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MASS TIMES
 
Aren’t All Churches The Same?

Why Catholic – Testimony of Steve Ray

Peter, the Rock, the Keys, and the Chair – Steve Ray

 
 
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WELCOME TO GOD’S ONE, HOLY, CATHOLIC AND APOSTOLIC CHURCH!

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Reflection
 
“Whether we live or die, we are the Lord’s,” says Saint Paul. As we gather today at God’s invitation, let us be mindful that we belong to the Lord, and pray for ways that we can be a reconciling presence in the world.

“Letting Bygones Be Bygones”

She slipped upstairs to find a few more playthings. Her neighbor had just left her two little ones with her to mind and, with her own two, there wasn’t enough to go round. They had started squabbling already. Rummaging in the toy-box, she came across an old photograph. She looked at it, daydreaming for a moment. Just long enough for one of her little charges to toddle out the front door which had been left slightly ajar. The little body was found later in the pond at the bottom of the garden. She went to pieces. While she was being treated in a psychiatric hospital, the mother of the dead child came to see her, the worst of her grief now over. Her forgiveness helped enormously to set her on the road-to recovery. But she was never the same again. She could never forgive herself for that moment’s neglect.

There is a young couple in Paris, with whom I am friendly. They have two little children. Since they don’t have a car, they occasionally call on my services to ferry them somewhere or other. I am always delighted to do so. Once the two little ones are firmly strapped in the back seat, I dangle the keys in front of the parents and ask: “Now, which of you is going to drive?” They are both excellent drivers. I just couldn’t take responsibility for them. If anything were to happen, God forbid, I would never be able to forgive myself.

Forgiveness is a hard thing. “Forgive and forget’, we are told. If only we could forget, forgiveness would come easy. But the scars of old hurts fester on, refusing to heal. And our resentment grows each time we remember the rejection, the insult, the injury. Our resentment wells up again, as if it was only yesterday. Bygones refuse to be bygones. The closer the friendship, the deeper the hurt. The only forgiveness we can muster, is usually reserved for strangers. Our lives are strewn with broken friendships. And all because we couldn’t find it in ourselves to forgive. “Shake hands and make up” we were told, when we fought as little boys in the school playground. That lesson seems to have disappeared with our schooldays.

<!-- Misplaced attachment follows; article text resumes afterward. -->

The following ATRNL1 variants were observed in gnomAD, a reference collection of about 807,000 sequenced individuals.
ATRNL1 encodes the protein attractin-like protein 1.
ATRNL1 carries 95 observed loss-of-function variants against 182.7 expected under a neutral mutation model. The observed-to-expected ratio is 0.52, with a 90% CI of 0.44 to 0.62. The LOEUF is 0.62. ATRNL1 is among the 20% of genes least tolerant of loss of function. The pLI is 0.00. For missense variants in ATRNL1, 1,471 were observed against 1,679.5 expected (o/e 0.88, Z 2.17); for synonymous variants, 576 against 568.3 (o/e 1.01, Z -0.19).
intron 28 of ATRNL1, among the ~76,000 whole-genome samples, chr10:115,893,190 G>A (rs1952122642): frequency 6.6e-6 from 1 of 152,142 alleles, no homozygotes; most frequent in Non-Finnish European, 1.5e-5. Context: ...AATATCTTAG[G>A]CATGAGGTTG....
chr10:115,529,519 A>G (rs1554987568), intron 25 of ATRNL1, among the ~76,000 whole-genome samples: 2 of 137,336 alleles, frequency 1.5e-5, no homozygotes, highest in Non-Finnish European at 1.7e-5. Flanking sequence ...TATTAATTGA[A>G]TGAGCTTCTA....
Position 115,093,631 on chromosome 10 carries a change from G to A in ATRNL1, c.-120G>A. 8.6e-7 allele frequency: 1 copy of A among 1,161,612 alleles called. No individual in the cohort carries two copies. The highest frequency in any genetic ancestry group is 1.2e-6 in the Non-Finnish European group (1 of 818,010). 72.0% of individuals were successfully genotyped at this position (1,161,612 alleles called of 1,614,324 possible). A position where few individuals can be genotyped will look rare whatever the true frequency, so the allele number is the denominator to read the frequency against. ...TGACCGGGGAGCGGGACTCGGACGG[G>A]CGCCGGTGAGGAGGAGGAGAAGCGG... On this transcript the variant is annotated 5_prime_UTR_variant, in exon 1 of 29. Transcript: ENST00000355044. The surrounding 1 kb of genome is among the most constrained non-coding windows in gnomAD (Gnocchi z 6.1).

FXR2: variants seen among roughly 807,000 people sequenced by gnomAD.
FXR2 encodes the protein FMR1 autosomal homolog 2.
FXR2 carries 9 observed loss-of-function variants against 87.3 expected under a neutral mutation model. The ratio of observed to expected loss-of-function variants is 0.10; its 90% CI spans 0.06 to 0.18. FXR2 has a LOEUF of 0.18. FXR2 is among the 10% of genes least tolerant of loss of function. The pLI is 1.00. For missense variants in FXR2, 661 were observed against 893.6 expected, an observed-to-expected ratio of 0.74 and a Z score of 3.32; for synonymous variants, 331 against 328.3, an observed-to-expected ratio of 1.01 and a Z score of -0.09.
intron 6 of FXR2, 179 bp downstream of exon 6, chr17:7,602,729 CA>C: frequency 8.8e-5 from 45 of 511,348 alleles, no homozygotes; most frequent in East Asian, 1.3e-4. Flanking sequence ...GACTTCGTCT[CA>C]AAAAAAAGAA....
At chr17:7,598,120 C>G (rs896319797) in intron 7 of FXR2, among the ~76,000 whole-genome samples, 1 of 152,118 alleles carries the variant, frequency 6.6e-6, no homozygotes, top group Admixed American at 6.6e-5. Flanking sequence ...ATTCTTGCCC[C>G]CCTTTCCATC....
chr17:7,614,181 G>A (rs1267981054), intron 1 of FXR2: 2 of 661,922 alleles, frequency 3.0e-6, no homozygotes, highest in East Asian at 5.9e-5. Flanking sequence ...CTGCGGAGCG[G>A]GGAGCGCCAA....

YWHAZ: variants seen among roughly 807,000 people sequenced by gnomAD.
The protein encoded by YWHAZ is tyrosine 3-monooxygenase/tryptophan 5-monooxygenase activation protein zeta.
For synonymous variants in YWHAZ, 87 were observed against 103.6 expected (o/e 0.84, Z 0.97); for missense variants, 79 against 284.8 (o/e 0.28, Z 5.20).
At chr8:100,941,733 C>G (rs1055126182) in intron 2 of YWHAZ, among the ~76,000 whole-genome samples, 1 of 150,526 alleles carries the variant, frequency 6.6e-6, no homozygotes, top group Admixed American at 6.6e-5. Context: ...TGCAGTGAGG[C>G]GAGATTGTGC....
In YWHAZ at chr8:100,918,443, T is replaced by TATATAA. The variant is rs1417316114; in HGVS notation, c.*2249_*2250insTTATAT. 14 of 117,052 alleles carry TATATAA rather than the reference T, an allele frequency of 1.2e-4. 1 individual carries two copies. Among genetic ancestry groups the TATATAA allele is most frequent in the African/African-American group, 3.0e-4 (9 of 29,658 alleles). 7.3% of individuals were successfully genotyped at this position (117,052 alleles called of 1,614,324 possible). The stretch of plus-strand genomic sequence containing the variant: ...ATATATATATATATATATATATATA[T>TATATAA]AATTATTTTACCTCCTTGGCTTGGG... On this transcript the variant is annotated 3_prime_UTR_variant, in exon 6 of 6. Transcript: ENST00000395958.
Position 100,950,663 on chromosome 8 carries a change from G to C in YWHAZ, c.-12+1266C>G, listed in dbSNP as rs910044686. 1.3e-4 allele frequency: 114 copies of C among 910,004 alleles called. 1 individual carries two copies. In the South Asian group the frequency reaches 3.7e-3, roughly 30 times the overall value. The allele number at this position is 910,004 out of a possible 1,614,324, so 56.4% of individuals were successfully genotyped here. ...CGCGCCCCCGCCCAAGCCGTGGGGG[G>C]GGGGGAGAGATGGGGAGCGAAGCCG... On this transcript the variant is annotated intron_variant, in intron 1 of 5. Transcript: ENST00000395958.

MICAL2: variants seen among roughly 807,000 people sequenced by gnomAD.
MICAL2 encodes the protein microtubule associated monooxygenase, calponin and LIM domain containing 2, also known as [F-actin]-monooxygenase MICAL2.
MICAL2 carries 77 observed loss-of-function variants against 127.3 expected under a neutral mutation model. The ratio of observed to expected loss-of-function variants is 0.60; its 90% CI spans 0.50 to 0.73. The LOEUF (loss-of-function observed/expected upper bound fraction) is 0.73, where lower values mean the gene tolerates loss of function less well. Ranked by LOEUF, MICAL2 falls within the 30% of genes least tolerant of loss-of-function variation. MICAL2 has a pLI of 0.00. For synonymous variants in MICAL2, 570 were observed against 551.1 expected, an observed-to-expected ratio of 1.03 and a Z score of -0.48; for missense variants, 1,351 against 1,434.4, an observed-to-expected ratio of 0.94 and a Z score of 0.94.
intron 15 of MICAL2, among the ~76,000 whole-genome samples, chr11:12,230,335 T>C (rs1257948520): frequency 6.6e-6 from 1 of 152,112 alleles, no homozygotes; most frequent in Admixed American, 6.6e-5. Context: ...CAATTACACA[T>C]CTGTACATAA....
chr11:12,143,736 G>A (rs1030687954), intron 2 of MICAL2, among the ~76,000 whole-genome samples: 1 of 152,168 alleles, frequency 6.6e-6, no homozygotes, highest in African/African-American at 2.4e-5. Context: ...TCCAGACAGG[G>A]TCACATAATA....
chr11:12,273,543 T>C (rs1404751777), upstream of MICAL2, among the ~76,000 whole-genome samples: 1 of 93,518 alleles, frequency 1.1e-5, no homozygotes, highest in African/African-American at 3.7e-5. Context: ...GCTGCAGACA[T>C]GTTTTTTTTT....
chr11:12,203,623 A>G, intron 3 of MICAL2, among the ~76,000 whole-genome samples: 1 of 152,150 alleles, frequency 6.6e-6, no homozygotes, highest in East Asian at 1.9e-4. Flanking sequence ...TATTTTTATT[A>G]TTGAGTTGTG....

“May God forgive him!” we mutter to ourselves, recalling for the umpteenth time some ancient hurt. We could spare ourselves that prayer. What God would like to know is will we forgive him. Jonathan Swift, with all his satire, was closer to the truth than we care to admit: “We have just enough religion to make us hate, but not enough to make us love one another.” How to explain those murderous wars between people who claim allegiance to their God?  Many of the belligerents are compatriots separated only by religion. Such wars will last as long as we refuse to forgive.

Gospel: Matthew 18:21-35

“The Harshness Of The Unforgiving Debtor Rebounds On Himself”

 

Peter approached Jesus and asked him,”Lord, if my brother sins against me, how often must I forgive? As many as seven times?” Jesus answered, “I say to you, not seven times but seventy-seven times.  That is why the kingdom of heaven may be likened to a king who decided to settle accounts with his servants. When he began the accounting, a debtor was brought before him who owed him a huge amount.  Since he had no way of paying it back, his master ordered him to be sold, along with his wife, his children, and all his property, in payment of the debt. At that, the servant fell down, did him homage, and said, ‘Be patient with me, and I will pay you back in full.’ Moved with compassion the master of that servant let him go and forgave him the loan.
 
When that servant had left, he found one of his fellow servants who owed him a much smaller amount.  He seized him and started to choke him, demanding, ‘Pay back what you owe.’  Falling to his knees, his fellow servant begged him, ‘Be patient with me, and I will pay you back.’ But he refused. Instead, he had the fellow servant put in prison until he paid back the debt.  Now when his fellow servants saw what had happened, they were deeply disturbed, and went to their master and reported the whole affair.

His master summoned him and said to him, ‘You wicked servant! I forgave you your entire debt because you begged me to.  Should you not have had pity on your fellow servant, as I had pity on you?’  Then in anger his master handed him over to the torturers  until he should pay back the whole debt.  So will my heavenly Father do to you, unless each of you forgives your brother from your heart.”
 

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